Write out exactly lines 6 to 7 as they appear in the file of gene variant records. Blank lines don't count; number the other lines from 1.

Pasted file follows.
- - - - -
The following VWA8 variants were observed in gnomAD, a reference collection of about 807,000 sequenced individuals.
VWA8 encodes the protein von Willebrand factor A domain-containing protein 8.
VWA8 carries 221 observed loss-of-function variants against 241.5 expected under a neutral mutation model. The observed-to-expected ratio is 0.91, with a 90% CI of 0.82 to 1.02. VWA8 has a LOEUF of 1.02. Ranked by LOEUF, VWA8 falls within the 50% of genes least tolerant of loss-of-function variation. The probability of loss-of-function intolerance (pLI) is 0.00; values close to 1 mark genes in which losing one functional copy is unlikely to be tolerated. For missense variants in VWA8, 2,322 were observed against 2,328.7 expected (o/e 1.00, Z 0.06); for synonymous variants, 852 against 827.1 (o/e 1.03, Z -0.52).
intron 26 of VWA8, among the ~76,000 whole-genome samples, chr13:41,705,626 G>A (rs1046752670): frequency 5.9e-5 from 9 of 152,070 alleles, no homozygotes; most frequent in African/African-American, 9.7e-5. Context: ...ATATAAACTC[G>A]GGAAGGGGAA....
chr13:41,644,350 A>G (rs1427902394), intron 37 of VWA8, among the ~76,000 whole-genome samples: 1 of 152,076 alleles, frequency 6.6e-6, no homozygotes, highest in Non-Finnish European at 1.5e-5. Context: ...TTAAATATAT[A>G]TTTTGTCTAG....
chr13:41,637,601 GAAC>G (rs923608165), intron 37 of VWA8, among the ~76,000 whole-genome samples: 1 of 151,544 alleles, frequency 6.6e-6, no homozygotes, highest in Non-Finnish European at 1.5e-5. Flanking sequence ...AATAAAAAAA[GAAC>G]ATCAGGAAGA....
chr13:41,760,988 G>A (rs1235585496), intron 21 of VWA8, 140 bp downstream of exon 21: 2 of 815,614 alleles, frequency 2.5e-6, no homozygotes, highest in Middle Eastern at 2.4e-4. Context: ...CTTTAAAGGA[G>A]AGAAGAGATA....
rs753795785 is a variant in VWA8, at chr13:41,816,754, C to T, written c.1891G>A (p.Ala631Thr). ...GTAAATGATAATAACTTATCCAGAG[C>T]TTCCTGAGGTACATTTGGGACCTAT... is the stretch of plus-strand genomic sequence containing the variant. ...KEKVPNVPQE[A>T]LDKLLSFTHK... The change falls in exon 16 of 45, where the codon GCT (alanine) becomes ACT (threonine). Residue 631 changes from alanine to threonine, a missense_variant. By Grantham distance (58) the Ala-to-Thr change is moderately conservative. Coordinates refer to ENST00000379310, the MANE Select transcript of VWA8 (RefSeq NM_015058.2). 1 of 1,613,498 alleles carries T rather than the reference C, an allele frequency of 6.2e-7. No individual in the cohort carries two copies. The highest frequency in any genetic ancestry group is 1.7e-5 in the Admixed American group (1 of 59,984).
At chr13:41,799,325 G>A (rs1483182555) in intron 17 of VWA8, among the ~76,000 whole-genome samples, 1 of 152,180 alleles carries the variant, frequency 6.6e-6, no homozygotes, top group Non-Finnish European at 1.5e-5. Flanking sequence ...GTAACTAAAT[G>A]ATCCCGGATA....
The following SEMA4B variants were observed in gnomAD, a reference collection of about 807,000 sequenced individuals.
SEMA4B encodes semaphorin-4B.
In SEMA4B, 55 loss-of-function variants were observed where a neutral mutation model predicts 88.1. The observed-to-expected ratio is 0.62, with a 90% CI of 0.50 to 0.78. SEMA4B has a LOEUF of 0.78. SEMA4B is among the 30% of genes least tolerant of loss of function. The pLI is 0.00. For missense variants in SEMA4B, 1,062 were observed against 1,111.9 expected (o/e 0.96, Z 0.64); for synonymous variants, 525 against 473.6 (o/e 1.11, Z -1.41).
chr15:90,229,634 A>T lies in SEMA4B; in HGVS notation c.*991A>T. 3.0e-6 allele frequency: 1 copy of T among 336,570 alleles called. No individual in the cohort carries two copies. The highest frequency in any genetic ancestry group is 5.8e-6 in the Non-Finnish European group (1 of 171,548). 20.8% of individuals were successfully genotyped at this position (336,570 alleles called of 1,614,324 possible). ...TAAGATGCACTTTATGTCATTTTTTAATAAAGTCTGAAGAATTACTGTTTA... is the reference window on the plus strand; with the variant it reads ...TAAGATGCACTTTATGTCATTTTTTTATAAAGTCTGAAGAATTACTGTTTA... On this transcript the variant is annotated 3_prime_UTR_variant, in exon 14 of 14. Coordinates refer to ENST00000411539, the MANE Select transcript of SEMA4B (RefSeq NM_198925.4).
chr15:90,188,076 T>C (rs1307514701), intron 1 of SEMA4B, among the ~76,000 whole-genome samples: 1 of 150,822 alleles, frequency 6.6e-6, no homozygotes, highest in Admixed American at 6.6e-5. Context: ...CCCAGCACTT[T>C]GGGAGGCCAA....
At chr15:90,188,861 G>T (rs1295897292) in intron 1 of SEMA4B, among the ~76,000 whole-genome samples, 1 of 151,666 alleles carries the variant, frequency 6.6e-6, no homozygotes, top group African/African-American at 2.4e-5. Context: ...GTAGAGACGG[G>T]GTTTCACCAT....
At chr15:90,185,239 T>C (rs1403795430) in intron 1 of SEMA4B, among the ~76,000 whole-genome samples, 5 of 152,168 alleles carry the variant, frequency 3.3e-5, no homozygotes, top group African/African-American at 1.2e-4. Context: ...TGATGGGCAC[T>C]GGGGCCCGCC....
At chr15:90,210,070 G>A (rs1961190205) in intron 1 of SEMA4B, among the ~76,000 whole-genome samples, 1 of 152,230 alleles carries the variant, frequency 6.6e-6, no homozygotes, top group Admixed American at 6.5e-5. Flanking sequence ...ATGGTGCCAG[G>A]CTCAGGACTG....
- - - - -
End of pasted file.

chr13:41,637,601 GAAC>G (rs923608165), intron 37 of VWA8, among the ~76,000 whole-genome samples: 1 of 151,544 alleles, frequency 6.6e-6, no homozygotes, highest in Non-Finnish European at 1.5e-5. Flanking sequence ...AATAAAAAAA[GAAC>G]ATCAGGAAGA....
chr13:41,760,988 G>A (rs1235585496), intron 21 of VWA8, 140 bp downstream of exon 21: 2 of 815,614 alleles, frequency 2.5e-6, no homozygotes, highest in Middle Eastern at 2.4e-4. Context: ...CTTTAAAGGA[G>A]AGAAGAGATA....